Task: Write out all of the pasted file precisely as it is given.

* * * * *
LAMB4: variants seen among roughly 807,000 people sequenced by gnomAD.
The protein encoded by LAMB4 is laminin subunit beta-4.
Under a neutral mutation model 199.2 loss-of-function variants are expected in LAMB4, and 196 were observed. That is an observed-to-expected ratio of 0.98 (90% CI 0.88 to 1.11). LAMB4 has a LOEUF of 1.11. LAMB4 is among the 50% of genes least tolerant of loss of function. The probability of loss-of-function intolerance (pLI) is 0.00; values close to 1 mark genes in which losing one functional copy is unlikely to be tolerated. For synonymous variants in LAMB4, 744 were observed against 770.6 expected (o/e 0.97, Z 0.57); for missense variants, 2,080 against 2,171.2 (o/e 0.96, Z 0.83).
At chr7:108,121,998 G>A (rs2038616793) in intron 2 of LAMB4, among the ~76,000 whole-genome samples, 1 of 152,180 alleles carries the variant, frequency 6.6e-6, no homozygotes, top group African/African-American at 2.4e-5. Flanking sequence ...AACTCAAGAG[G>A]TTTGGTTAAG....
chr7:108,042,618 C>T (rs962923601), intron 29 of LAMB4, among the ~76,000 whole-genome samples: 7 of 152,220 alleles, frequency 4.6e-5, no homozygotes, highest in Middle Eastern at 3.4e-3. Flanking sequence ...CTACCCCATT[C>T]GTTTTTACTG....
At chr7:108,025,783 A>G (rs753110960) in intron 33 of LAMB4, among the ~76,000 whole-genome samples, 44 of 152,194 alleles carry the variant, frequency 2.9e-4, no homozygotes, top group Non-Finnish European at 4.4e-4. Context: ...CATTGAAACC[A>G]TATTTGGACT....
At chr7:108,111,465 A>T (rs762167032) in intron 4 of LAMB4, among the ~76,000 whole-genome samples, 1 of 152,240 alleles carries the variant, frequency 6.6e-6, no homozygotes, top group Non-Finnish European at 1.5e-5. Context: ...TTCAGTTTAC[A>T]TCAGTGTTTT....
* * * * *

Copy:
LAMB4: variants seen among roughly 807,000 people sequenced by gnomAD.
The protein encoded by LAMB4 is laminin subunit beta-4.
Under a neutral mutation model 199.2 loss-of-function variants are expected in LAMB4, and 196 were observed. That is an observed-to-expected ratio of 0.98 (90% CI 0.88 to 1.11). LAMB4 has a LOEUF of 1.11. LAMB4 is among the 50% of genes least tolerant of loss of function. The probability of loss-of-function intolerance (pLI) is 0.00; values close to 1 mark genes in which losing one functional copy is unlikely to be tolerated. For synonymous variants in LAMB4, 744 were observed against 770.6 expected (o/e 0.97, Z 0.57); for missense variants, 2,080 against 2,171.2 (o/e 0.96, Z 0.83).
At chr7:108,121,998 G>A (rs2038616793) in intron 2 of LAMB4, among the ~76,000 whole-genome samples, 1 of 152,180 alleles carries the variant, frequency 6.6e-6, no homozygotes, top group African/African-American at 2.4e-5. Flanking sequence ...AACTCAAGAG[G>A]TTTGGTTAAG....
chr7:108,042,618 C>T (rs962923601), intron 29 of LAMB4, among the ~76,000 whole-genome samples: 7 of 152,220 alleles, frequency 4.6e-5, no homozygotes, highest in Middle Eastern at 3.4e-3. Flanking sequence ...CTACCCCATT[C>T]GTTTTTACTG....
At chr7:108,025,783 A>G (rs753110960) in intron 33 of LAMB4, among the ~76,000 whole-genome samples, 44 of 152,194 alleles carry the variant, frequency 2.9e-4, no homozygotes, top group Non-Finnish European at 4.4e-4. Context: ...CATTGAAACC[A>G]TATTTGGACT....
At chr7:108,111,465 A>T (rs762167032) in intron 4 of LAMB4, among the ~76,000 whole-genome samples, 1 of 152,240 alleles carries the variant, frequency 6.6e-6, no homozygotes, top group Non-Finnish European at 1.5e-5. Context: ...TTCAGTTTAC[A>T]TCAGTGTTTT....